Bevacizumab's label adds adverse reactions.
Information about the increased risk of venous thromboembolic events (VTEs) and bleeding associated with bevacizumab in patients receiving anticoagulation therapy after a First VTE event has also been added in the section on Clinical Trial Experience, the FDA said. Bevacizumab - marketed as Avastin by Genentech, a mem ber of the Roche group - is a vascular endothelial growth factor inhibitor approved for the treatment of several different cancers, as a single agent or in combination with other treatments. It was First approved in 2004; a controversial FDA move to withdraw an indication in metastatic breast cancer is pending.
The potential for ovarian failure associated with bevacizumab treatment in premenopausal women is new information. It has been added to the warnings and precautions section of the label and in a new "Females of Reproductive Potential" subsection.
This section now states that the long-term effects of exposure to bevacizumab on fertility are unknown and that women of reproductive potential should be informed about the risk of ovarian failure before starting treatment.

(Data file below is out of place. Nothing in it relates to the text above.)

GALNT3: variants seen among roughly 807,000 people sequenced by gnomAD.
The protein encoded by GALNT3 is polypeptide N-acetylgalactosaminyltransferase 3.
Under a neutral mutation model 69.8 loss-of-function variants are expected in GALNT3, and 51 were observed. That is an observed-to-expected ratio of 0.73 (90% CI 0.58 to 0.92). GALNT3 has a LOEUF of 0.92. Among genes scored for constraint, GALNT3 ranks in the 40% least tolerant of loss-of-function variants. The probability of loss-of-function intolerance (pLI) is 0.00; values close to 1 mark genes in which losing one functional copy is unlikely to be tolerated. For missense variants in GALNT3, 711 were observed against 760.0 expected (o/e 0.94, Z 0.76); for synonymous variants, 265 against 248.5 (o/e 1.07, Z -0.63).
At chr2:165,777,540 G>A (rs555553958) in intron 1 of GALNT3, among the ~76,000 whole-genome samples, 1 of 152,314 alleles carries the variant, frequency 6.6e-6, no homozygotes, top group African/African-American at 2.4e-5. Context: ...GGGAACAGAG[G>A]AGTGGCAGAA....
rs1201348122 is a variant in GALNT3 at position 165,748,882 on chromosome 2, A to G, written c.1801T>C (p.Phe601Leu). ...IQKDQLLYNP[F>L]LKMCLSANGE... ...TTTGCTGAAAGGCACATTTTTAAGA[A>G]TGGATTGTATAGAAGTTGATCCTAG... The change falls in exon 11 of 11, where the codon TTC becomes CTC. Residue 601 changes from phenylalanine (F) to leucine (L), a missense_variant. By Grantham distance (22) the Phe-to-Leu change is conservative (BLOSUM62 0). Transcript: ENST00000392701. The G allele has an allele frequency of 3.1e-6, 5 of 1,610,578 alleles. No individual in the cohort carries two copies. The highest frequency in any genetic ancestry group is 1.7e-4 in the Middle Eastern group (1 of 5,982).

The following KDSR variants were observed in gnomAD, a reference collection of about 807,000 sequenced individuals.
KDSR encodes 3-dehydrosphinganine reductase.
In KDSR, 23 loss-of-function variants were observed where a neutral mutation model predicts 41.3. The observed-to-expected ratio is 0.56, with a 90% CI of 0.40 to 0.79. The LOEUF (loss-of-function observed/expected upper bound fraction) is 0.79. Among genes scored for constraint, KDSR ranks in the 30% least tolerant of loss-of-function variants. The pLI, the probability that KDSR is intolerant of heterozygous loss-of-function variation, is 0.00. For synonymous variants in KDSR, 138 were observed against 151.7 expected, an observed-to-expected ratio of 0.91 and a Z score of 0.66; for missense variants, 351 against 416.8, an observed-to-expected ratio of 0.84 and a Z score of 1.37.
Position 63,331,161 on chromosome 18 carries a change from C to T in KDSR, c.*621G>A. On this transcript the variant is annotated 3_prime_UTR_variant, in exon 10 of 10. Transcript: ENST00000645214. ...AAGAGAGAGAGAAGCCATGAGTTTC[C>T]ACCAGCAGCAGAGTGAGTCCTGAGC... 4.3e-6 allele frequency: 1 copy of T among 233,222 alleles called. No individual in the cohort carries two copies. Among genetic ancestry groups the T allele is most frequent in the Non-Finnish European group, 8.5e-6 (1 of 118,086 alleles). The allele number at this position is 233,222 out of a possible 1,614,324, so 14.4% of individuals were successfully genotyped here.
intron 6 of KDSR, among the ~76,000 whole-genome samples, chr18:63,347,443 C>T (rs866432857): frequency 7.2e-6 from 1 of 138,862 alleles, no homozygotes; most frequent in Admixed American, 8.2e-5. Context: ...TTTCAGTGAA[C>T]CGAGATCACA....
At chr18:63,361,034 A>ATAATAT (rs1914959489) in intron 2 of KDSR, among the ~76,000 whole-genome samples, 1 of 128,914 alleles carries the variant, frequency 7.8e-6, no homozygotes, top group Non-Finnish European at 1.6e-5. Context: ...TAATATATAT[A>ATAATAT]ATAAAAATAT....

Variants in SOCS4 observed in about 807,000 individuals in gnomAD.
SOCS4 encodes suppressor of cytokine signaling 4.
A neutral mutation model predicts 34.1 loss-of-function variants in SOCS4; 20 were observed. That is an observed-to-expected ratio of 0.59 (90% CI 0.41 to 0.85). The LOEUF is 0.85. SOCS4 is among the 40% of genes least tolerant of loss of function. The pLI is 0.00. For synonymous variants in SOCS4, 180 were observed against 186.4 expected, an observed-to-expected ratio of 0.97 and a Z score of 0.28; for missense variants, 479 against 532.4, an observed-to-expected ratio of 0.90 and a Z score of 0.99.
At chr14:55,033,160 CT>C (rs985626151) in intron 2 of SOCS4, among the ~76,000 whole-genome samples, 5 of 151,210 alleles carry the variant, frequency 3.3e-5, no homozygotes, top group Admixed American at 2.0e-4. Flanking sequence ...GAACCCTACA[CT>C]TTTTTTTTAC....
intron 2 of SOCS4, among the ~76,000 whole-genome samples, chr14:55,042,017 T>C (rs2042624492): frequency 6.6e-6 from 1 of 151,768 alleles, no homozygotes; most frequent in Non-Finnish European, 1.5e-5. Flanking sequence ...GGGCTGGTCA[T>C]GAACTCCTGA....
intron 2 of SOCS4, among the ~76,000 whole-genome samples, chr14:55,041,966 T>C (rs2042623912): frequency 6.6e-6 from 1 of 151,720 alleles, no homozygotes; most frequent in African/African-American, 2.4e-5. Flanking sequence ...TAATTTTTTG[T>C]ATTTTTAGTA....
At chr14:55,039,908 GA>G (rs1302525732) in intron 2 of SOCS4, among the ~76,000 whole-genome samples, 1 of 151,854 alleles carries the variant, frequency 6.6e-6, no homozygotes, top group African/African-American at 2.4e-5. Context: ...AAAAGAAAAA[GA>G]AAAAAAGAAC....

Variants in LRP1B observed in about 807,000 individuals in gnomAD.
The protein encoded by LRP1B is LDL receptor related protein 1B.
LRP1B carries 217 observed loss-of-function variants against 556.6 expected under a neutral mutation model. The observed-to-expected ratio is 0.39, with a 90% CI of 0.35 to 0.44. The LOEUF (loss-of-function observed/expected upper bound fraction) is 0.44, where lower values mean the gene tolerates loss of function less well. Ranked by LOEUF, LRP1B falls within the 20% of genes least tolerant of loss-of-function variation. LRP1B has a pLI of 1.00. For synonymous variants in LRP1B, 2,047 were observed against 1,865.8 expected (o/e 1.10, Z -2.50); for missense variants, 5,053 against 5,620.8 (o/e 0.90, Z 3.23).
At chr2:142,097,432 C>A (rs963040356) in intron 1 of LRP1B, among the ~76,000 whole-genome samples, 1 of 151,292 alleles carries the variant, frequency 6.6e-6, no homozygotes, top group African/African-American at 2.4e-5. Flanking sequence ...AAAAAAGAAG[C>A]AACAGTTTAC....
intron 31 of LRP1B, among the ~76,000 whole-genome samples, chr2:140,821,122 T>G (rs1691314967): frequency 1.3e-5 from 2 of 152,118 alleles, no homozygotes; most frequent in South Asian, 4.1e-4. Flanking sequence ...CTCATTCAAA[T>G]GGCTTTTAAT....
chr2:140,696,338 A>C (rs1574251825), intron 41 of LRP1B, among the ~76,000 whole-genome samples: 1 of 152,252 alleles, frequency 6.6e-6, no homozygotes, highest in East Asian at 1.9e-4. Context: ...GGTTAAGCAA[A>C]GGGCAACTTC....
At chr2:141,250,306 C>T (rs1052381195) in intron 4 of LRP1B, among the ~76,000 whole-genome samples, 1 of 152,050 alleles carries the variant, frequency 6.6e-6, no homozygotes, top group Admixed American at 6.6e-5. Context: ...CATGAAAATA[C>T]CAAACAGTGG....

The postmarketing experience section of the label now includes a statement about postmarketing reports of osteonecrosis of the jaw (ONJ) in patients treated with bevacizumab who have not been treated with bisphosphonates. (ONJ has been reported in patients on bisphosphonates.)
The overall incidence of subsequent VTEs was also higher with bevacizumab in a subgroup analysis of patients that received anticoagulants after an initial VTE event: The subsequent VTE rate was 31.5% among those in the bevacizumab-containing arms, compared with 25.6% among those in the chemotherapy-only arms.
Among patients treated with anticoagulants, the overall incidence of bleeding was also higher in the bevacizumab-containing arms, compared with the chemotherapy-only arms: 27.4% vs. 20.9%, respectively
After 3 years, the incidence of new vertebral fractures was 1.5% among those treated with denosumab, compared with 3.9% for those on placebo, a risk reduction of 62%.
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|Title Annotation:||NEWS FROM THE FDA|
|Publication:||Internal Medicine News|
|Date:||Oct 15, 2011|
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